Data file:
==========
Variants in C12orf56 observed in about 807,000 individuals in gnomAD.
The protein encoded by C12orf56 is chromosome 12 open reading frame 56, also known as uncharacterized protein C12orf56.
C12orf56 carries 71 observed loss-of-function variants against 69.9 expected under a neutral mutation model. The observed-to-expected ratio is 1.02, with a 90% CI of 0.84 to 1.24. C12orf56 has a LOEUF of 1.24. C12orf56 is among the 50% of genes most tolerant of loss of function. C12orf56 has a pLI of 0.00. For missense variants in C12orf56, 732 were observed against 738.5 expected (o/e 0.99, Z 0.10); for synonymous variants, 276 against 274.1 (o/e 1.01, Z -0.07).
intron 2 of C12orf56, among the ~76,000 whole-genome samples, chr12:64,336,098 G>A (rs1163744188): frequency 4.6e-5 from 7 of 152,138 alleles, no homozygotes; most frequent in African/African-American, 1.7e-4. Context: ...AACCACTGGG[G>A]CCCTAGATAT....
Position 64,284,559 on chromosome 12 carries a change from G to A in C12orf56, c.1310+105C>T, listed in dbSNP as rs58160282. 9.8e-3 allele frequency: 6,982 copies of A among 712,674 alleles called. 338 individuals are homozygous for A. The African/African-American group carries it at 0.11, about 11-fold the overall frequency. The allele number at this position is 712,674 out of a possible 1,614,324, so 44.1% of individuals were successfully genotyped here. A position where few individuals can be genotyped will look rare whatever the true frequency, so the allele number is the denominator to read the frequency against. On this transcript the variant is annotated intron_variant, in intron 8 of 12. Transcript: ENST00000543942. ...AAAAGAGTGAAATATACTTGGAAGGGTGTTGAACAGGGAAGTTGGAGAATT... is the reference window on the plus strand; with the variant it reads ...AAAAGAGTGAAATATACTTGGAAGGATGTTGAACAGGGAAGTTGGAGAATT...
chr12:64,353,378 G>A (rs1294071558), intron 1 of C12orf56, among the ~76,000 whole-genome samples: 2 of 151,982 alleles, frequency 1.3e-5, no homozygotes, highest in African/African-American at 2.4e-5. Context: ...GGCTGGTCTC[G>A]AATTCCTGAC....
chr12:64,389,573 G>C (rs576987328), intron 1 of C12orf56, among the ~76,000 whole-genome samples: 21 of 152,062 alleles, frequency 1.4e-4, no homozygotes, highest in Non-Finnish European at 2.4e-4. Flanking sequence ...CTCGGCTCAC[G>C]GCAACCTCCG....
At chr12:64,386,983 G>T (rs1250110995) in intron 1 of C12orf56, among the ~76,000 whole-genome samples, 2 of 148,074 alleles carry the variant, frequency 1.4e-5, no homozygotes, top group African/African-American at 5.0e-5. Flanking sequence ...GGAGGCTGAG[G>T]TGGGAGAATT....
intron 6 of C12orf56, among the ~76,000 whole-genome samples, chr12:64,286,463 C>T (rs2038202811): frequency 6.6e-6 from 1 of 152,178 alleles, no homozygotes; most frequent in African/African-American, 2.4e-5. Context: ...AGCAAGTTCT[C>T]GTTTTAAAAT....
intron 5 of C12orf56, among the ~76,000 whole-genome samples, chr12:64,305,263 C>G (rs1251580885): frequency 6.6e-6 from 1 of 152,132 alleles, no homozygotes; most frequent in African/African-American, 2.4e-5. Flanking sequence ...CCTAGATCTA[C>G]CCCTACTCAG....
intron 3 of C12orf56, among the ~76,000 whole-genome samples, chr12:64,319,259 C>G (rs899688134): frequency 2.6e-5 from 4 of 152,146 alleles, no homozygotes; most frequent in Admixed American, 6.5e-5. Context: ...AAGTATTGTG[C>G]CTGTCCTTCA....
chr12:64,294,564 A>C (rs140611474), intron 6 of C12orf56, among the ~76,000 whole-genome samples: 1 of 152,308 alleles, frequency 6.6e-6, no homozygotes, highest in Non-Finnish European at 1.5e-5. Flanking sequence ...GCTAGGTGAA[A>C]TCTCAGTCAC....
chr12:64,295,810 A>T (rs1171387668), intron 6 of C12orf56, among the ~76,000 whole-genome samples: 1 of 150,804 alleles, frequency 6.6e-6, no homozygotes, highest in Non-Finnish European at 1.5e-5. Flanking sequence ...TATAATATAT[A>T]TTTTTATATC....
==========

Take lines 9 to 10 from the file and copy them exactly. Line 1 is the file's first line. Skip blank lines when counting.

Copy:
intron 6 of C12orf56, among the ~76,000 whole-genome samples, chr12:64,286,463 C>T (rs2038202811): frequency 6.6e-6 from 1 of 152,178 alleles, no homozygotes; most frequent in African/African-American, 2.4e-5. Context: ...AGCAAGTTCT[C>T]GTTTTAAAAT....
intron 5 of C12orf56, among the ~76,000 whole-genome samples, chr12:64,305,263 C>G (rs1251580885): frequency 6.6e-6 from 1 of 152,132 alleles, no homozygotes; most frequent in African/African-American, 2.4e-5. Flanking sequence ...CCTAGATCTA[C>G]CCCTACTCAG....